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The Monster Mensch

And yet one of the strangest aspects of Bernie Madoff’s story is his unflinching pride in his success. In May 2008, Bernie celebrated his 70th birthday on a beach in Cabo San Lucas, Mexico, where he’d traveled for a golf tournament. Bernie’s crew included his brother, Peter, and their wives and close friends. One evening, they gathered at a quiet hotel, which had set up tables on the beach. Candles provided much of the light. One by one, the guests rose and toasted Bernie. Ed Blumenfeld’s was typical. Blumenfeld, a real-estate developer and a considerable investor, said, as one guest recalls, “Our lives have been enriched by knowing Bernie. It’s been a privilege to know him and have him part of our lives.”

By then, Bernie must have sensed the end approaching. But if he was anxious, he didn’t show it. Bernie golfed and relaxed, basking in the sun and the praise. On the beach, one guest recalls, Bernie crooned a Neil Diamond song, “Sweet Caroline.” “Where it began, I can’t begin to know.”

On December 10, his sons, Andy and Mark, talked to their father about bonuses, which Bernie suddenly insisted on paying early. Bernie sputtered something about the business having made profits. “Now [is] a good time to distribute [bonuses],” he told them. It didn’t make sense. They pressed him. Bernie seemed to be cracking. “He wasn’t sure he would be able to hold it together,” they later told the SEC. Bernie insisted they talk at his apartment that evening.

Facing his sons, Bernie came out with it quickly, brutally.

“[I’m] finished,” he said. “It’s all just one big lie … ” Andy and Mark called the SEC, Bernie’s enemy, as he’d once put it. The SEC contacted the FBI, which showed up at Bernie’s apartment on December 11. Bernie came to the door in a pale-blue bathrobe and slippers.

“We’re here to find out if there’s an innocent explanation,” said one of the agents.

Bernie must have rehearsed this moment for years. “There’s no innocent explanation,” he said, sounding almost relieved.

Ezra Merkin is ruined. “His life as he knew it is over and not coming back,” says brother Sol, adding, “he doesn’t deserve this.” Ezra is winding down his funds. He’s been all but exiled from many of the communities he cared about. Andrew Cuomo, the New York State attorney general, is investigating whether Ezra misled the charities whose endowments he managed in order to enrich himself. He resigned as chairman of GMAC at the insistence of the U.S. government, one condition for bailing out the lender with $5 billion. For the moment, observant Ezra still sits on the bema every Saturday, in the spot designated for the synagogue president. Some in the congregation are scandalized, and some will sue him, it is almost certain. It’s not practical to sue Madoff. There are no assets left. And so they will take their turns with Ezra—who, as general partner, is personally liable. “He will spend the rest of his life in court,” says one attorney. Ironically, the sage will plead ignorance for the remainder of his days.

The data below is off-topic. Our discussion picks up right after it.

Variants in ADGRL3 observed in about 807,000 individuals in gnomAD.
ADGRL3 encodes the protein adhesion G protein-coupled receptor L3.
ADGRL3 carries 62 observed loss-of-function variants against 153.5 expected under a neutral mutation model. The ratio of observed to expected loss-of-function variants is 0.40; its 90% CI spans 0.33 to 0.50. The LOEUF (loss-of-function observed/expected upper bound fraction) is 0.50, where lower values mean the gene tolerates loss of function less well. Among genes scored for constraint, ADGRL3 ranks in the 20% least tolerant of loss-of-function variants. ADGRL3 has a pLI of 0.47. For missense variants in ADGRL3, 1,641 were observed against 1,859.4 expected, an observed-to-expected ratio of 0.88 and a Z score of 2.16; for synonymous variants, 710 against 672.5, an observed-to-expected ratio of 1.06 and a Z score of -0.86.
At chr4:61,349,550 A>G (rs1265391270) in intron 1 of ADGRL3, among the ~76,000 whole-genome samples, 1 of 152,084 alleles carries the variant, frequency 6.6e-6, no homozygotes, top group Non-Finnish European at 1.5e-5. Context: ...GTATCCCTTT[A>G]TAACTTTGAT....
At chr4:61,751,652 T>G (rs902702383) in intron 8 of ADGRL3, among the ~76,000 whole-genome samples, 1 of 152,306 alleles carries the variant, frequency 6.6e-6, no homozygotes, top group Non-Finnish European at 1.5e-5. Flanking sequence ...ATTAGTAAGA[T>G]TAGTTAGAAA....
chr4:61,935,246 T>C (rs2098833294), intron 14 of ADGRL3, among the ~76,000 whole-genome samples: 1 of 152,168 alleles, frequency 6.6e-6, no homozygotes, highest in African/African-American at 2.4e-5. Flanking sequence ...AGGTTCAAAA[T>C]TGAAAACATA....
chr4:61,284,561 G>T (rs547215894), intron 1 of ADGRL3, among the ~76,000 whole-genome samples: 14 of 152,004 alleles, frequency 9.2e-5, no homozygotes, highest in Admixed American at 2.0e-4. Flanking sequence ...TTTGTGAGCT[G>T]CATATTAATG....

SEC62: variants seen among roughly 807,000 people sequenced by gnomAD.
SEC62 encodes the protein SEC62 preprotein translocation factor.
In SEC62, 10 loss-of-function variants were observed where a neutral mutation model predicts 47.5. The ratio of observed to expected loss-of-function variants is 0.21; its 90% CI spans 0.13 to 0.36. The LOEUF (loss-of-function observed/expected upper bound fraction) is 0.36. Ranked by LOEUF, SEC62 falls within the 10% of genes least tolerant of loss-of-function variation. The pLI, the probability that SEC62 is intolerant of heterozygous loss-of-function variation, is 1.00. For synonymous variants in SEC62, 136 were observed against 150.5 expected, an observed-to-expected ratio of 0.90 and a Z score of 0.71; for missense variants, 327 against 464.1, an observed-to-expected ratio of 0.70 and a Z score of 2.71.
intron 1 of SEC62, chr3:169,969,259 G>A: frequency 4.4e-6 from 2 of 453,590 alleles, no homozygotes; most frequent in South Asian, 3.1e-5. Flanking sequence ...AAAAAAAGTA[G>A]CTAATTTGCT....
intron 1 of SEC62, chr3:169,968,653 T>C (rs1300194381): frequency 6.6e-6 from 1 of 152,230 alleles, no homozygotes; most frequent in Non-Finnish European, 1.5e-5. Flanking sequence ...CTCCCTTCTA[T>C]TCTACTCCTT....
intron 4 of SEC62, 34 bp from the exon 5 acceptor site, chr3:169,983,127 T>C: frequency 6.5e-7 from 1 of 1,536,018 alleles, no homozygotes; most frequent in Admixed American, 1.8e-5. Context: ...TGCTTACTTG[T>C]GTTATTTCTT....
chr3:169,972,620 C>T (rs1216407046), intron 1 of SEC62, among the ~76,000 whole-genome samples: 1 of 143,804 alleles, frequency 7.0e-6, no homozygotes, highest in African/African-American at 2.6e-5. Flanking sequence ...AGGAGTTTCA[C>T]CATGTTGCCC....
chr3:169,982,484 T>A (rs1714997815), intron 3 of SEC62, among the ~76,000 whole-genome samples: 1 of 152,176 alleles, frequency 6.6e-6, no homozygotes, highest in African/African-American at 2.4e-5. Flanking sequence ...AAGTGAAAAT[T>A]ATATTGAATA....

And yet, in another way, it’s not over. It’s just beginning. Ezra Merkin is fascinated—“extremely fascinated,” he sometimes tells friends—to know what will happen next in his life.

About Madoff’s victims, the ones whose funds Merkin was supposed to be safeguarding, he is matter-of-fact. He tells friends, “I lost a lot of people a lot of money.” There’s something slightly obtuse in this. Nearly every day brings accounts of shuttered charities, of retirements ruined, of houses suddenly put up for sale. Shouldn’t he be rending himself? But he was tricked like everyone else, he says, and tells himself he’s got to be resilient, show fortitude. And so he talks to himself about what he has. A loving wife, four devoted children—he is a much better father than Hermann. “I have to get through this,” he tells people, if one can. As for the future, he doesn’t know what the outcome is going to be. Ezra has lately been proclaiming himself free of the need for money and prestige, those things that shaped his life. He can start anew, reinvent himself. We’ll be all right, he thinks. Ezra understands as well as anyone the role his financial success played. Money has been central to his life. It put those breathtaking Rothkos on the wall and elevated him to society’s loftiest ranks. Things will change now. He’s begun to think along other lines. He says he might pursue something more on the contemplative side, reading or writing. Whatever this evolves into, “it doesn’t have to be a wealthy lifestyle for us to be happy,” Ezra tells friends, then adds, “I don’t think.”

Research assistance by Ross Kenneth Urken.


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